Picture used with permission by the Harriet & Kenneth Kupferberg Holocaust Center.
Never Forget – to a nation wounded by the dreadful consequences of evil, these words signify an oath. When the acts of evildoers take away the lives of some and tear at the livelihood of others, “We shall never forget” is the pledge to remain intact the one temporal element no evil can tarnish: our memories. September 11th, 2001 is one day scarred into the memories of our people, especially New Yorkers. We remember the terror that has branded that day, though many people remember more acutely the goodness in those who were among the first-responders, and among the dead.
Perhaps the anniversary of September 11th teaches us how suffering caused by all the notorious evil acts of modernity demands our respectful remembrance. Of those we remember are the Comfort Women, the 200,000 Korean girls enslaved during the Second World War and the millions of Jews victimized at Auschwitz and other death camps. The list continues into far less notable, but equally devastating acts of evil known to man. “Never Forget” is our pledge to honor the dead by honoring the history that defined their lives.
Less than one week following the 13th anniversary remembering the September 11th attacks, many New Yorkers still possess a raw remembrance of that chilly Tuesday morning that chills our hearts. Since its opening last May, the 9/11 museum has attracted nearly one million visitors. It doesn’t take advertisements on the MTA to convince people to remember 9/11 – they remember because the suffering remains so close.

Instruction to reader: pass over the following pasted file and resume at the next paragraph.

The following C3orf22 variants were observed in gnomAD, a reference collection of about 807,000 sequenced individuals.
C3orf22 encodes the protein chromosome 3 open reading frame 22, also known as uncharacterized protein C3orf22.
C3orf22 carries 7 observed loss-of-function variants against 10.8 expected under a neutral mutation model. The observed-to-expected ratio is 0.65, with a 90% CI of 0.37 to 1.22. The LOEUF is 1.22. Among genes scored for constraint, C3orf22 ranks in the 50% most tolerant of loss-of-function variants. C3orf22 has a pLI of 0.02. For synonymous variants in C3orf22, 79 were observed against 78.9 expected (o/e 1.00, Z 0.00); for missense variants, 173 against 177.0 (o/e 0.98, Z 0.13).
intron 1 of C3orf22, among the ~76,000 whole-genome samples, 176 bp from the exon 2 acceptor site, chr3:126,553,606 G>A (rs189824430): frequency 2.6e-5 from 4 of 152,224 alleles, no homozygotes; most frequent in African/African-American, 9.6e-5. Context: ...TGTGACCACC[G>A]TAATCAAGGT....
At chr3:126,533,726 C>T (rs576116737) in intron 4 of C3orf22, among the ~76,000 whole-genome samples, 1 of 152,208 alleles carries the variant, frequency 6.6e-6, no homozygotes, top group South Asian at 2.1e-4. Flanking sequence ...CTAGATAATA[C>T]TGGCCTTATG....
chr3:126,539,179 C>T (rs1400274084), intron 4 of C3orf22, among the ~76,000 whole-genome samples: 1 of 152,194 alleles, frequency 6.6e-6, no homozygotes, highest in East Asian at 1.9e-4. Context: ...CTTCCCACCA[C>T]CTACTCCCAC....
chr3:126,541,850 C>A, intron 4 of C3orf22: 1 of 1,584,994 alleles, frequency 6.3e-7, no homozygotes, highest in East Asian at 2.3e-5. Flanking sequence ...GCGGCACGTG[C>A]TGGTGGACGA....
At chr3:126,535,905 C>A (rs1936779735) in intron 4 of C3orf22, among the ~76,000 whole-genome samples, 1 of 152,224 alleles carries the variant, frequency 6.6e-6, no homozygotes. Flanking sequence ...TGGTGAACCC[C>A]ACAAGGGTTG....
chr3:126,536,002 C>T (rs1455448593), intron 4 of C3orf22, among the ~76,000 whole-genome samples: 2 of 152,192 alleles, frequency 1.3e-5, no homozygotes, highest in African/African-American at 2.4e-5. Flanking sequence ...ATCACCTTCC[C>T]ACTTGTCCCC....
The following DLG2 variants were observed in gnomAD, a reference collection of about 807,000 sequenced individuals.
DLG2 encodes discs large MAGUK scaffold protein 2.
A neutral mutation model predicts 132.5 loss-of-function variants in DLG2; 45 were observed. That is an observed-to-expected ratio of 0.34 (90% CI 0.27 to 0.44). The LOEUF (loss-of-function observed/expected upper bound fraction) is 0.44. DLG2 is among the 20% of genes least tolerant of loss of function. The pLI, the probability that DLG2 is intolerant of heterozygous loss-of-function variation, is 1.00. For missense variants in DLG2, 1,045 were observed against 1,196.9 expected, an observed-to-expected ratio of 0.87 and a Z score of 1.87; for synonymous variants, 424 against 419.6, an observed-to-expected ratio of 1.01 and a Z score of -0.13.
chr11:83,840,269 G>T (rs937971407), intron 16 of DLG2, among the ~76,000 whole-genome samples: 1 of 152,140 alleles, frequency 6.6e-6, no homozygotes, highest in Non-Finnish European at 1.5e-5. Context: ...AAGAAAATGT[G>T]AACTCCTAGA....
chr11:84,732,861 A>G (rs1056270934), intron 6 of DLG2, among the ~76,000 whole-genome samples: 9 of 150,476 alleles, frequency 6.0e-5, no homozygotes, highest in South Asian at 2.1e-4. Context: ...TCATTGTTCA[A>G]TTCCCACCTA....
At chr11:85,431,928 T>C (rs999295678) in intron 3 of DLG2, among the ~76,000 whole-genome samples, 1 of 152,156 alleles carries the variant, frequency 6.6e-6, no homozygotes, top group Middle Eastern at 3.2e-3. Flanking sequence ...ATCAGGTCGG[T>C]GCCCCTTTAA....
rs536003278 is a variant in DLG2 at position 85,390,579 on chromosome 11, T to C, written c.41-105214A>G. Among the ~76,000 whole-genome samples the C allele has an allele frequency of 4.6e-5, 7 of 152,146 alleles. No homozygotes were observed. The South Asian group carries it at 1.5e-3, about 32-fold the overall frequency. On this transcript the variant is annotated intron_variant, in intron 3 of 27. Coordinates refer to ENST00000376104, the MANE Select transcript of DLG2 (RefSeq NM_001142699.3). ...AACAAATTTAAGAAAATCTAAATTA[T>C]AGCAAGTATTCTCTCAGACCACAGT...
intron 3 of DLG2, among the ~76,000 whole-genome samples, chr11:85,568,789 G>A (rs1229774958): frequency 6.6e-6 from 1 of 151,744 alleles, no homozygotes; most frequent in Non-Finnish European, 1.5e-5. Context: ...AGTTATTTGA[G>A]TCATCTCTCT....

Suffering: A Great Mystery
Suffering is itself a great mystery to humanity. No man, woman or child can escape the painful experience of suffering despite how desperately our culture attempts to escape its reach or subdue its effects through addictions and consumerism. St. John Paul II gave us a wealth of insight in his apostolic letter Salvifici Doloris, where he states, “Human suffering evokes compassion; it also evokes respect, and in its own way it intimidates” (4). The intimidation of suffering ought to remind us that sin is real, as damaging as ever, and continually calls for a society that unequivocally recognizes objective truth, a truth that judges personal actions and cultivates a well-formed conscience in its people. When as a society, we forget to acknowledge the reality of sin – whether personal sin or social sin – we simultaneously forget how the touch of sin victimizes others, and even ourselves.
St. John Paul II tells us that suffering evokes compassion. Since the horror caused by ISIS displaced over one million Iraqis amidst the persecution of religious minorities and in particular, Christians, the social conscience of the world has been disturbed. Our response to the person marginalized by the evil acts of another cannot suffice as merely a sympathetic sigh or a transitory sentiment of sorrow, while our lives continue as though the suffering of the marginalized person does not exist. Rather, suffering demands compassion, or better “co-passion” when the onlooker willingly becomes a partaker in the passio of the suffering Iraqi Christian woman or Yazidi child. Through prayer & fasting, remaining mindful of those suffering, and attempting to stop the cause of suffering with the means available to us, we are capable of responding compassionately.